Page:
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I am using d3.js to make a simple donut chart.

I'm failing to achieve a drop-shadow or box-shadow effect to add some depth to the chart. I've tried adding the css:

path {
  -moz-box-shadow:    3px 3px 5px 6px #ccc;
  -webkit-box-shadow: 3px 3px 5px 6px #ccc;
  box-shadow:         3px 3px 5px 6px #ccc;
}

To path tags and the g tags, but to no avail. Does anybody know if this is possible with CSS or know of a wordaround of some sort?

Really appreciate the help on such a basic problem. Matt

var data = [0, 35, 65];

var w = 400,
    h = 400,
    r = Math.min(w, h) / 2,
   ir = r * 0.5,
   color = d3.scale.category20(),
   donut = d3.layout.pie().sort(null),
   arc = d3.svg.arc().innerRadius(ir).outerRadius(r);

var svg = d3.select("body").append("svg:svg")
    .attr("width", w)
   .attr("height", h)
.append("svg:g")
   .attr("transform", "translate(" + w / 2 + "," + h / 2 + ")");

var arcs = svg.selectAll("path")
    .data(donut(data))
.enter().append("svg:path")
    .attr("fill", function(d, i) { return color(i); })
    .attr("d", arc);
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4 Answers 4

up vote 6 down vote accepted

You can use svg filters, here's one example showing how to apply a blur filter.

An example of a dropshadow svg filter can be seen here. Combine the two examples to get what you need.

share|improve this answer
    
I didn't realise this existed, thanks Erik! –  matt Sep 7 '12 at 9:30
1  
and here's some helpful reference code for a d3-specific example: github.com/wbzyl/d3-notes/blob/master/hello-drop-shadow.html –  a darren Mar 5 '13 at 16:54

In case anyone comes across this. . .

 /* For the drop shadow filter... */
  var defs = svg.append("defs");

  var filter = defs.append("filter")
      .attr("id", "dropshadow")

  filter.append("feGaussianBlur")
      .attr("in", "SourceAlpha")
      .attr("stdDeviation", 4)
      .attr("result", "blur");
  filter.append("feOffset")
      .attr("in", "blur")
      .attr("dx", 2)
      .attr("dy", 2)
      .attr("result", "offsetBlur");

  var feMerge = filter.append("feMerge");

  feMerge.append("feMergeNode")
      .attr("in", "offsetBlur")
  feMerge.append("feMergeNode")
      .attr("in", "SourceGraphic");

Then attach this filter to the svg element, such as a line or bar or whatever else tickles your fancy. . .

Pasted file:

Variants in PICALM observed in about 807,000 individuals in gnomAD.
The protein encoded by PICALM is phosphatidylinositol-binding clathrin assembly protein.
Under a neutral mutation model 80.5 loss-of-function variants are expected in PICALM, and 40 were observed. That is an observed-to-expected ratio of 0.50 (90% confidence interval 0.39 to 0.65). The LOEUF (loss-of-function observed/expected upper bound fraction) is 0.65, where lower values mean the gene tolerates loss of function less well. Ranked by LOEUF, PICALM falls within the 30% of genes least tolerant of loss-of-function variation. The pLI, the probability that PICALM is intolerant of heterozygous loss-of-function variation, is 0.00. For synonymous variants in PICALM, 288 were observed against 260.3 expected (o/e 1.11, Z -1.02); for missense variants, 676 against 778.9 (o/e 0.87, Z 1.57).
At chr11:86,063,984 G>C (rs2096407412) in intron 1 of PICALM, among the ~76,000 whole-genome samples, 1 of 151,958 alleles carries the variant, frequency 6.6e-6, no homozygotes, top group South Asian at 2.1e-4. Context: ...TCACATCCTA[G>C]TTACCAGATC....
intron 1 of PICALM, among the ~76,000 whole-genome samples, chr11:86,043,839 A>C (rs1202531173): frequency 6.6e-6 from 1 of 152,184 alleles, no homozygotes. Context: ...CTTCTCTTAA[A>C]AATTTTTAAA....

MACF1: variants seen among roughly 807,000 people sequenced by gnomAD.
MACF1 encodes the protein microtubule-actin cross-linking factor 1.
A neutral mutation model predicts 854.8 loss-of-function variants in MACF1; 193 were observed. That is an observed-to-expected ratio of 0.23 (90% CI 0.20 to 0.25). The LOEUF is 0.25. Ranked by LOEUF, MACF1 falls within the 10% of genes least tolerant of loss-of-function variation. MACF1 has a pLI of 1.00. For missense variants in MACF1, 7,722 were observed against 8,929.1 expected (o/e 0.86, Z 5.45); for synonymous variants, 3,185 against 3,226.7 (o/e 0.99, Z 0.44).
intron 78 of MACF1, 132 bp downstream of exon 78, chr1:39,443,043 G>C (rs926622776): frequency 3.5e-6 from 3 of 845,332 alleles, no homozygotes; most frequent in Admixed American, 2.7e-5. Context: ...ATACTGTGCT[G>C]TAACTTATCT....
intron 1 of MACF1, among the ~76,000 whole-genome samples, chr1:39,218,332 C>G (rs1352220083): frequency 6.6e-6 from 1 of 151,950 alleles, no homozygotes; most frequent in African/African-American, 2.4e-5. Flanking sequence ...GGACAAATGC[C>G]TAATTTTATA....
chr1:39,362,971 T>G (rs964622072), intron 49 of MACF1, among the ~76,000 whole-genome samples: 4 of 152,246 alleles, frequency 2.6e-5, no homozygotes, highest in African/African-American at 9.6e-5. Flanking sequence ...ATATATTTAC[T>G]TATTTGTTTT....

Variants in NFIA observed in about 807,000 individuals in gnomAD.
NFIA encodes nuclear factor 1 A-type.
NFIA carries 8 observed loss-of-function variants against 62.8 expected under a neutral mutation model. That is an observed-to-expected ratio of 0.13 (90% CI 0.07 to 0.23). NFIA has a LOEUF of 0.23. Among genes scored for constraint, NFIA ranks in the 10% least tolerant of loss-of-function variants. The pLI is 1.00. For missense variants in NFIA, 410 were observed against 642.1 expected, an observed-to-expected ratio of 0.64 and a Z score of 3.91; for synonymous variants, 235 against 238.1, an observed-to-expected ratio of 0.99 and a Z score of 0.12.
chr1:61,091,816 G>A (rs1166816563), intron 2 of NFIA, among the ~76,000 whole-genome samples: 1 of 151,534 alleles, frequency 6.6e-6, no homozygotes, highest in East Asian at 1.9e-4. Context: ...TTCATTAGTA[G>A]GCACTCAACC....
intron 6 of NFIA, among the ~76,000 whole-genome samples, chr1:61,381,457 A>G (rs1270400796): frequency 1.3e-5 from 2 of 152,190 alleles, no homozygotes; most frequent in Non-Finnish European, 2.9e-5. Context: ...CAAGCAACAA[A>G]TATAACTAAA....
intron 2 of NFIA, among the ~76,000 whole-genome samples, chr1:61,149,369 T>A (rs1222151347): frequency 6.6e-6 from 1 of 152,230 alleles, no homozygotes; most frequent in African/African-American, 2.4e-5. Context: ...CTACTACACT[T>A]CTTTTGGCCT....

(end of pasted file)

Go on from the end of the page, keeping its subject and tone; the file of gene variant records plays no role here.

svg.append("path")
  .datum(data)
  .attr("class", "line")
  .attr("d", line)
  .attr("filter", "url(#dropshadow)");
share|improve this answer
    
Very helpful example,thanks. Is there a way to make the shadow inner instead of outer ? –  Igor Malyk Oct 1 '13 at 14:54

I made you a simple commented example with d3.js of SVG rect graphics with drop shadows, using the information @Erik Dahlström posted: http://bl.ocks.org/cpbotha/5200394 :)

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In case you need to control the color of the shadow, this worked for me:

var defs = svg.append("defs");

    var filter = defs.append("filter")
        .attr("id", "dropshadow")

    filter.append("feGaussianBlur")
        .attr("in", "SourceAlpha")
        .attr("stdDeviation", 4)
        .attr("result", "blur");
    filter.append("feOffset")
        .attr("in", "blur")
        .attr("dx", 2)
        .attr("dy", 2)
        .attr("result", "offsetBlur")
    filter.append("feFlood")
        .attr("in", "offsetBlur")
        .attr("flood-color", "#3d3d3d")
        .attr("flood-opacity", "0.5")
        .attr("result", "offsetColor");
    filter.append("feComposite")
        .attr("in", "offsetColor")
        .attr("in2", "offsetBlur")
        .attr("operator", "in")
        .attr("result", "offsetBlur");

    var feMerge = filter.append("feMerge");

    feMerge.append("feMergeNode")
        .attr("in", "offsetBlur")
    feMerge.append("feMergeNode")
        .attr("in", "SourceGraphic");

d3:ized from this answer: http://stackoverflow.com/a/25818296/1154787

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